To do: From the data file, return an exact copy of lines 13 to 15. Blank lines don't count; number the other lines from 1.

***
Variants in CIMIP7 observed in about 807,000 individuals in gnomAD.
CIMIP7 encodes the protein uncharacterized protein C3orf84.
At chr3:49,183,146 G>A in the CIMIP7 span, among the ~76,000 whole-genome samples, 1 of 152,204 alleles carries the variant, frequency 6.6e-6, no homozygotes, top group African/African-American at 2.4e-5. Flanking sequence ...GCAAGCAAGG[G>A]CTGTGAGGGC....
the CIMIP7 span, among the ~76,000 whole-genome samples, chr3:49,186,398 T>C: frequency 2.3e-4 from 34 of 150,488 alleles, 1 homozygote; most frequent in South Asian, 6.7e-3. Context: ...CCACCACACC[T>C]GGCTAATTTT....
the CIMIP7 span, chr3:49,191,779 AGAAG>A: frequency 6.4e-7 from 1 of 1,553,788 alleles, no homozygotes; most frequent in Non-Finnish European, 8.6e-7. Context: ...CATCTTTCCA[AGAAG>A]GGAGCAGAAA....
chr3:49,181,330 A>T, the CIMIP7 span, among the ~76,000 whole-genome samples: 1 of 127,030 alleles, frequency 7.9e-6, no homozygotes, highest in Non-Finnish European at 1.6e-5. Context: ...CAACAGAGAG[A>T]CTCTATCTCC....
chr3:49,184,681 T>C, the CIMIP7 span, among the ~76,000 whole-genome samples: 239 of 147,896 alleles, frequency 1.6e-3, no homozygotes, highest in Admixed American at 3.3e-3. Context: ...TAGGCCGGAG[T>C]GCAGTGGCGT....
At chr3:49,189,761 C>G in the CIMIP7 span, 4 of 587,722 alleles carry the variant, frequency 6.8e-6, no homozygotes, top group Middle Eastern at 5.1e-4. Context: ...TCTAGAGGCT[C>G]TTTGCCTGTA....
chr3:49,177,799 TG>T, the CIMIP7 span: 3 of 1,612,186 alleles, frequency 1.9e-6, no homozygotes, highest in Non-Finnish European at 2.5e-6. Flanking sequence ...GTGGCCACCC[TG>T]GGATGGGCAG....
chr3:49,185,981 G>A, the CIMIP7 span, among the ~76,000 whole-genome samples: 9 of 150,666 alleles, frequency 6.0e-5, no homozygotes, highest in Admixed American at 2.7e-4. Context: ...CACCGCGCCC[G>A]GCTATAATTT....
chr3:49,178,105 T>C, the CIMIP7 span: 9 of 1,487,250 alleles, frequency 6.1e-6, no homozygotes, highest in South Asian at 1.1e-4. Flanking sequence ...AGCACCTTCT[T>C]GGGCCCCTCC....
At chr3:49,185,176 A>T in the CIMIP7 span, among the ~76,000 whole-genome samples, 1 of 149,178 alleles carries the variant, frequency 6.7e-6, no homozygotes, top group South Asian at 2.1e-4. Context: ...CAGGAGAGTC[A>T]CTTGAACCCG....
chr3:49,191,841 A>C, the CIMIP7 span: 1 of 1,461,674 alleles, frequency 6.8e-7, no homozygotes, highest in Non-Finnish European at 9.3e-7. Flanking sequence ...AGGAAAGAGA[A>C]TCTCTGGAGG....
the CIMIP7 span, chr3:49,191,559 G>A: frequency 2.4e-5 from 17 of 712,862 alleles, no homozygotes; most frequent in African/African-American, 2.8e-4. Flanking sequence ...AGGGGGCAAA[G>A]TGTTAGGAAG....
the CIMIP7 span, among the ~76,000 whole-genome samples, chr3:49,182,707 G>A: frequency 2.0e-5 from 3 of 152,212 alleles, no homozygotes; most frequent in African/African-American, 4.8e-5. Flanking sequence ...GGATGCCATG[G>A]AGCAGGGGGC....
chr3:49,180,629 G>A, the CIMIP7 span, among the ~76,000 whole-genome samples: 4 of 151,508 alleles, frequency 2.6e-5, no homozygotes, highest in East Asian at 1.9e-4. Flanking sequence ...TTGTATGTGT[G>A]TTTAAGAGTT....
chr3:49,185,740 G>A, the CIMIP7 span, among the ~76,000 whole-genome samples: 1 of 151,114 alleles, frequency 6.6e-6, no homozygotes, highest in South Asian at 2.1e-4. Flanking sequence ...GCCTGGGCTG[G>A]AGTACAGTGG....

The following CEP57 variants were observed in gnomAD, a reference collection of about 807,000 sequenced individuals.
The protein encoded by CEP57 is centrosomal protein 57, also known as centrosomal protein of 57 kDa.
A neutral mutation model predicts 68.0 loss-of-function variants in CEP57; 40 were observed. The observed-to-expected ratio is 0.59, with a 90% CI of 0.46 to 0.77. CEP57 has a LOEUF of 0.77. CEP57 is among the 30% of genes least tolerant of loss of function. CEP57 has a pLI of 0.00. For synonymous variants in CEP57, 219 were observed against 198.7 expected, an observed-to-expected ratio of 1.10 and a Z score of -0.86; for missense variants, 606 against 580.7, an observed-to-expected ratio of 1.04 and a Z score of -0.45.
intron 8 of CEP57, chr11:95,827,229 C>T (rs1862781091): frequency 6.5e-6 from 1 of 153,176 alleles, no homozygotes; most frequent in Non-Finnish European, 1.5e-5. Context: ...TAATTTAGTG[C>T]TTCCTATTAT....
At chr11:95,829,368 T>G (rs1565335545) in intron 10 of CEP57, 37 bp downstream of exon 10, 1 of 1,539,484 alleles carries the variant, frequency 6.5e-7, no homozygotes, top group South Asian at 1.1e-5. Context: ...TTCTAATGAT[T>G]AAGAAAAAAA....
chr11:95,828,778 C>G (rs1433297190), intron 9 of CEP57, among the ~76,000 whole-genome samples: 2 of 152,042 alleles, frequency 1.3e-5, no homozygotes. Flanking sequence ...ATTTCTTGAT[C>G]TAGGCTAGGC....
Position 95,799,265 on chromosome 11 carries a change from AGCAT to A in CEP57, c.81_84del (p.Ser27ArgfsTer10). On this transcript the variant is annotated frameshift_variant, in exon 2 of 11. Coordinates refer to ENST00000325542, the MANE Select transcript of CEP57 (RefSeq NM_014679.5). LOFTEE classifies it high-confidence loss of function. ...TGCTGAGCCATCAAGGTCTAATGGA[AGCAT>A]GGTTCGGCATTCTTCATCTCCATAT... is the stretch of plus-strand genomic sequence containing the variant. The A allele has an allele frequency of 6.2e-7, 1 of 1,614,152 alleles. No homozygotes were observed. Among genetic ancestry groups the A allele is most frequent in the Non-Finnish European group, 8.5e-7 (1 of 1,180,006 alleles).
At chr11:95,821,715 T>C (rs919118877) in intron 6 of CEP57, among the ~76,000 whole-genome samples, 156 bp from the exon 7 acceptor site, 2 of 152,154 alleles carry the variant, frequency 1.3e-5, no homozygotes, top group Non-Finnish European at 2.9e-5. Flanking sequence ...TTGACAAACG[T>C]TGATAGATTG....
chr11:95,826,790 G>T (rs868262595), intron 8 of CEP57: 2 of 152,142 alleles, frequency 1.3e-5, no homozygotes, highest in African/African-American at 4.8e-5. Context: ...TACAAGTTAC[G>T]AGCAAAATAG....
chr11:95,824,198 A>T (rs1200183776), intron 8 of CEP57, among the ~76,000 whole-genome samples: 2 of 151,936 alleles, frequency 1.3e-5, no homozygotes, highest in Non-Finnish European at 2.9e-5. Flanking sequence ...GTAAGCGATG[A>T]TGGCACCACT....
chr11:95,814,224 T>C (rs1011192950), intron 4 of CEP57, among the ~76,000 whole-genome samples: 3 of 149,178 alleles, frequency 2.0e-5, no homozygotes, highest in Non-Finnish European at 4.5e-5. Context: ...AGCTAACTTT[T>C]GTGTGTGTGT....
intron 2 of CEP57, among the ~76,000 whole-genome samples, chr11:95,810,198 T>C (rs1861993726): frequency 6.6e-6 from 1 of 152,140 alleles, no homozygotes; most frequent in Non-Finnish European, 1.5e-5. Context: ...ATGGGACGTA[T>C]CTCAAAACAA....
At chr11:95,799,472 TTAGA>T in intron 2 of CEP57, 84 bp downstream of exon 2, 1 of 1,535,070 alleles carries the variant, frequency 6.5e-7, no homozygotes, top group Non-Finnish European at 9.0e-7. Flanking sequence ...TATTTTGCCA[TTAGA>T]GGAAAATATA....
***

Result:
chr3:49,191,841 A>C, the CIMIP7 span: 1 of 1,461,674 alleles, frequency 6.8e-7, no homozygotes, highest in Non-Finnish European at 9.3e-7. Flanking sequence ...AGGAAAGAGA[A>C]TCTCTGGAGG....
the CIMIP7 span, chr3:49,191,559 G>A: frequency 2.4e-5 from 17 of 712,862 alleles, no homozygotes; most frequent in African/African-American, 2.8e-4. Flanking sequence ...AGGGGGCAAA[G>A]TGTTAGGAAG....
the CIMIP7 span, among the ~76,000 whole-genome samples, chr3:49,182,707 G>A: frequency 2.0e-5 from 3 of 152,212 alleles, no homozygotes; most frequent in African/African-American, 4.8e-5. Flanking sequence ...GGATGCCATG[G>A]AGCAGGGGGC....